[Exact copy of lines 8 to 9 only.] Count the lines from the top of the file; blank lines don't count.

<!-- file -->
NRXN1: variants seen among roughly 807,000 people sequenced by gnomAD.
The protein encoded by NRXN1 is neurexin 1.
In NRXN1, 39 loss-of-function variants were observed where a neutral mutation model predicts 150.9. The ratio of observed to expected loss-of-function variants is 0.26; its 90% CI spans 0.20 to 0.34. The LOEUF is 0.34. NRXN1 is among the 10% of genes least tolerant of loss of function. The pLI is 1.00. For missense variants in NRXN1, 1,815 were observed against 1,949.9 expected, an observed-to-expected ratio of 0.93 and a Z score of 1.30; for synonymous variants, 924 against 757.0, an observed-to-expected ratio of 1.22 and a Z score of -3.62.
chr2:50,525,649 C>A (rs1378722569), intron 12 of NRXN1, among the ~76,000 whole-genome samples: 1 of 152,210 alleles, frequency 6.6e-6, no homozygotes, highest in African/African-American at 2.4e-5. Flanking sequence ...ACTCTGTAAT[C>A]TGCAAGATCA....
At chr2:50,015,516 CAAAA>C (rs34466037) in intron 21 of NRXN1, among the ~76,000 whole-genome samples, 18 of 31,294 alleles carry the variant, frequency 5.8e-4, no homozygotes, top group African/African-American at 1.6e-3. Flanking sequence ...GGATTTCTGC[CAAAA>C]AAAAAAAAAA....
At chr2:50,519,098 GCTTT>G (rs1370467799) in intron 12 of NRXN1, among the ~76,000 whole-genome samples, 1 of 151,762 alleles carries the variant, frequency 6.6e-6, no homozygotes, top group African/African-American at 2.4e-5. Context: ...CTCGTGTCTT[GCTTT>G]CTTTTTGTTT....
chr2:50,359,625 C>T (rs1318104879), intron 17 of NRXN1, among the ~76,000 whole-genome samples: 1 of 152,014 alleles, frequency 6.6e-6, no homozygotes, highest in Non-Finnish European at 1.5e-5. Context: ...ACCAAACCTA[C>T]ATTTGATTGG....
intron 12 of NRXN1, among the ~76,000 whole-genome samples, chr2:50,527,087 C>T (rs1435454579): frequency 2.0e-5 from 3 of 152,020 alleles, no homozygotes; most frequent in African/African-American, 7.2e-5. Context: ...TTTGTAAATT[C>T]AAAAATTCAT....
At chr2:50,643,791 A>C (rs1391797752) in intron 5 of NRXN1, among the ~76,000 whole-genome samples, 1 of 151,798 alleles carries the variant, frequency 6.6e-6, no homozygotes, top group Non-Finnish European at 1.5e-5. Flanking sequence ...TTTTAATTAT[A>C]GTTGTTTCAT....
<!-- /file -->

intron 12 of NRXN1, among the ~76,000 whole-genome samples, chr2:50,527,087 C>T (rs1435454579): frequency 2.0e-5 from 3 of 152,020 alleles, no homozygotes; most frequent in African/African-American, 7.2e-5. Context: ...TTTGTAAATT[C>T]AAAAATTCAT....
At chr2:50,643,791 A>C (rs1391797752) in intron 5 of NRXN1, among the ~76,000 whole-genome samples, 1 of 151,798 alleles carries the variant, frequency 6.6e-6, no homozygotes, top group Non-Finnish European at 1.5e-5. Flanking sequence ...TTTTAATTAT[A>C]GTTGTTTCAT....